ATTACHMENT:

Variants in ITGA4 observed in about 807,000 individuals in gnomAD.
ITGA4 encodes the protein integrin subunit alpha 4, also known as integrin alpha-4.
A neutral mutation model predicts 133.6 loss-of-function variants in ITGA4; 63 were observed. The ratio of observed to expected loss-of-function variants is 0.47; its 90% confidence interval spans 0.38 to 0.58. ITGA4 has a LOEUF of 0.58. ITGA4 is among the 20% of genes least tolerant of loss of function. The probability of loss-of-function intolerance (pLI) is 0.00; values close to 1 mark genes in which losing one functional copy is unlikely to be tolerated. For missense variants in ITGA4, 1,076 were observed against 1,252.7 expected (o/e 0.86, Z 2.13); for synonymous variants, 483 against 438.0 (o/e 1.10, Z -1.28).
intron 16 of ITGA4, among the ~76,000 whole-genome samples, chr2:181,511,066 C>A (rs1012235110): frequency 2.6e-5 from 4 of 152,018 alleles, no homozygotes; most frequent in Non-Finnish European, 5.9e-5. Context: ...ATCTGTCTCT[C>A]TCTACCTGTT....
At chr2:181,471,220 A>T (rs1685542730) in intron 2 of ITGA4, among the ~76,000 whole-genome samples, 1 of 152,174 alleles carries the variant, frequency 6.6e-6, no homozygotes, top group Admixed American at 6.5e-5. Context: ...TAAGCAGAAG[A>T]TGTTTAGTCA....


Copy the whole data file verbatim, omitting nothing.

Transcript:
Variants in ITGA4 observed in about 807,000 individuals in gnomAD.
ITGA4 encodes the protein integrin subunit alpha 4, also known as integrin alpha-4.
A neutral mutation model predicts 133.6 loss-of-function variants in ITGA4; 63 were observed. The ratio of observed to expected loss-of-function variants is 0.47; its 90% confidence interval spans 0.38 to 0.58. ITGA4 has a LOEUF of 0.58. ITGA4 is among the 20% of genes least tolerant of loss of function. The probability of loss-of-function intolerance (pLI) is 0.00; values close to 1 mark genes in which losing one functional copy is unlikely to be tolerated. For missense variants in ITGA4, 1,076 were observed against 1,252.7 expected (o/e 0.86, Z 2.13); for synonymous variants, 483 against 438.0 (o/e 1.10, Z -1.28).
intron 16 of ITGA4, among the ~76,000 whole-genome samples, chr2:181,511,066 C>A (rs1012235110): frequency 2.6e-5 from 4 of 152,018 alleles, no homozygotes; most frequent in Non-Finnish European, 5.9e-5. Context: ...ATCTGTCTCT[C>A]TCTACCTGTT....
At chr2:181,471,220 A>T (rs1685542730) in intron 2 of ITGA4, among the ~76,000 whole-genome samples, 1 of 152,174 alleles carries the variant, frequency 6.6e-6, no homozygotes, top group Admixed American at 6.5e-5. Context: ...TAAGCAGAAG[A>T]TGTTTAGTCA....